Coasting through with the Nissan Magnite
A long weekend road trip to the beachside for most would probably take them to Goa. And while Goa is great, it can get to be a little much sometimes. What with the hordes of beach shacks, the hordes of people in these shacks and the hordes of garbage from these people. Sometimes, it's nice to be with nature in a place that's full of everything but people. And with a 5,400km-long coastline in India, can you imagine how much of that there's still to find?
So, tired of Mumbai and its incessant flooding in the monsoon, I packed a bag, tanked-up the Nissan Magnite, and decided to head out. This time, to one of the least explored parts of the country the Kathiawar Peninsula in Gujarat. Normally, the spacious interior and the large 336-litre boot would have comfortably fit in my friends and all their extra baggage. But this time, all I wanted for company was the Magnite on open roads with stunning views.
While I always enjoy a long drive, the monsoon had ruined the highways and slowed down traffic around Maharashtra and Gujarat. Thankfully, I found a way out of this in the form of a RoRo Ferry from near Surat. It would take me from Hazira, cut across the Gulf of Khambhat and drop me off on a more empty side of the sea.
With a night halt at Surat, I made it for the 8 am ferry which was relatively empty because it was a weekday. Or at least it felt empty because of how much space was left inside despite a dozen fully loaded trucks it was ferrying! Even the rough monsoon seas didn't seem to bother the ferry at all for the five-hour journey. Standing on the top deck and taking in the view of the open sea was a great way to start this trip towards solitude.
By the time I arrived at Ghogha, I was already itching to get back in the comfy cabin of the Magnite and hit the road. I planned to cut straight through the middle of Saurashtra towards the western most coast of India with a night halt at Gondal. I found the directions on Google Maps, set up wireless Apple CarPlay on the crisp 7-inch touchscreen unit and set off.
The vast, lush farmlands of rural Gujarat, full of freshly sprouted crops were a welcome change from the drab industrial backdrop of the Mumbai-Surat highway. Normally, I would have complained now about the roads being ruined by the monsoons and how tiring it was. This time though, the Magnite's well-setup suspension was effortlessly soaking up all the ruts and potholes. All I had to complain about were the heavy rains hiding the view.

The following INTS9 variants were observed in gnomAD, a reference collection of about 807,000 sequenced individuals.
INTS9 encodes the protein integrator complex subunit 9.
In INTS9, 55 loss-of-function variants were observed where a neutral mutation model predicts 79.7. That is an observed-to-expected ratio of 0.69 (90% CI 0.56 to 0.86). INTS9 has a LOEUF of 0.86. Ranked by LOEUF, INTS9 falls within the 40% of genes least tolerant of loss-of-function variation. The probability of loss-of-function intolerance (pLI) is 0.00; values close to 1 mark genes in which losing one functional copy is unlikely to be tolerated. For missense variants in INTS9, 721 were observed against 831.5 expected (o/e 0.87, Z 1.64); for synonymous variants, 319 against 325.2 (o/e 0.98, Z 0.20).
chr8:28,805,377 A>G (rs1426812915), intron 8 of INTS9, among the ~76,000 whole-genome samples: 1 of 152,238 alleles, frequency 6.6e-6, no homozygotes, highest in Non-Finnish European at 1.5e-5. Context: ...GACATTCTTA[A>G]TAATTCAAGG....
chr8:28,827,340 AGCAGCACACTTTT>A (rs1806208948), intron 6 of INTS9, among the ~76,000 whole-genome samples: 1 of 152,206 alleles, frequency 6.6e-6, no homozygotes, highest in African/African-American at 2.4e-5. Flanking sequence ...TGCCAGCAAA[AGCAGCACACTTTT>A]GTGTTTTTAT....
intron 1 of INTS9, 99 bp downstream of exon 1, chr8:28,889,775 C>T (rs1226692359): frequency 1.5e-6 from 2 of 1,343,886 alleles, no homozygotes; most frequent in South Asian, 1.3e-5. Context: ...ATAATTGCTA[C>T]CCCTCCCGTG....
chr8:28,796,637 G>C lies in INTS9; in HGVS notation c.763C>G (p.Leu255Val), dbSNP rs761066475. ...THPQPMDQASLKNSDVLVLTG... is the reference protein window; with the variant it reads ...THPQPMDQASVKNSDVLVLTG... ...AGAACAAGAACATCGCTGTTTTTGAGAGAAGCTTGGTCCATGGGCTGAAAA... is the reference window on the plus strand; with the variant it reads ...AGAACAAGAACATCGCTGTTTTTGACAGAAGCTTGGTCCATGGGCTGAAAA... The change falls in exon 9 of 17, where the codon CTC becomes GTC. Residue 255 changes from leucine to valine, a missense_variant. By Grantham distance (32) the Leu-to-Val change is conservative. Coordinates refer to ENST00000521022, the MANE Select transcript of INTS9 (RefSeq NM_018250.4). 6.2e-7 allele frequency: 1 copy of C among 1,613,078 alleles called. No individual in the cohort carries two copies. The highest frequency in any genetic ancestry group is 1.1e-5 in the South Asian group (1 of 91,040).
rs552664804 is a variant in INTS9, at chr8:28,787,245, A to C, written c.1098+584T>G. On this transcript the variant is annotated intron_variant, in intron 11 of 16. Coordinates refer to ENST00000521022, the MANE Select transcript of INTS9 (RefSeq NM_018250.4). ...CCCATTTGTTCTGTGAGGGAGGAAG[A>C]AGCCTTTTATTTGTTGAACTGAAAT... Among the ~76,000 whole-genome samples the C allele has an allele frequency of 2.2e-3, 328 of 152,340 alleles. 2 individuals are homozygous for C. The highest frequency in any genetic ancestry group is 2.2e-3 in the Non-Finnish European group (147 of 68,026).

Heritage Palace Hotels, Gondal
The Orchard Palace and the Riverside Palace are 19th century heritage hotels run by the royal family of Gondal. The Orchard Palace hosted personal guests of the king, while the Riverside Palace was the crown prince's residence. The former is a seven-bedroom property with 1930s and '40s art deco furniture, antiques and a vintage car museum. The latter is a colonial-style building near the town's river, with period furniture from the family's heirloom collection.
18th century Naulakha Palace
With the 1.0-litre turbo-petrol purring away effortlessly, I checked into the lavish 19-century Orchard Palace heritage hotel at Gondal before dark. The next morning, I visited what used to be the main residence of the royal family in the 18th century - the Naulakha Palace. I could have spent hours there drooling over the intricately carved stone sculptures on the facade and combing through museums of the kings' personal possessions.
But with the sun thankfully high in the sky, I soon hit the road going west towards the sea. This time, they were wide, empty and butter-smooth. With cruise control set, I chewed through the miles effortlessly because of how stable the Magnite felt at highway speeds. And the excellent balance between performance and efficiency from the 100PS/160Nm three-cylinder engine meant I was saving time and money on this trip.
I crossed Dwarka and pointed the car towards the Gulf of Kutch. A couple of kilometres in and the smooth tarmac turned to a rutty, slushy dirt road. But with 205mm of ground clearance and excellent suspension, the Magnite comfortably chugged along without me having to break a sweat. I made it to the coast of the gulf just in time to catch the sun set below the horizon. Meanwhile large, fluffy monsoon clouds in the foreground were being sent inland to help breath new life into the earth.
The end of the day meant the end of the trip. It was time to head back to the dreary grey skies and crowds of the city. But having finally got what I came for ─ a nice drive in a nice car to a nice place ─ I was happy. And dealing with the city streets shouldn't be too much trouble for some time now ─ not while the Magnite is around at least.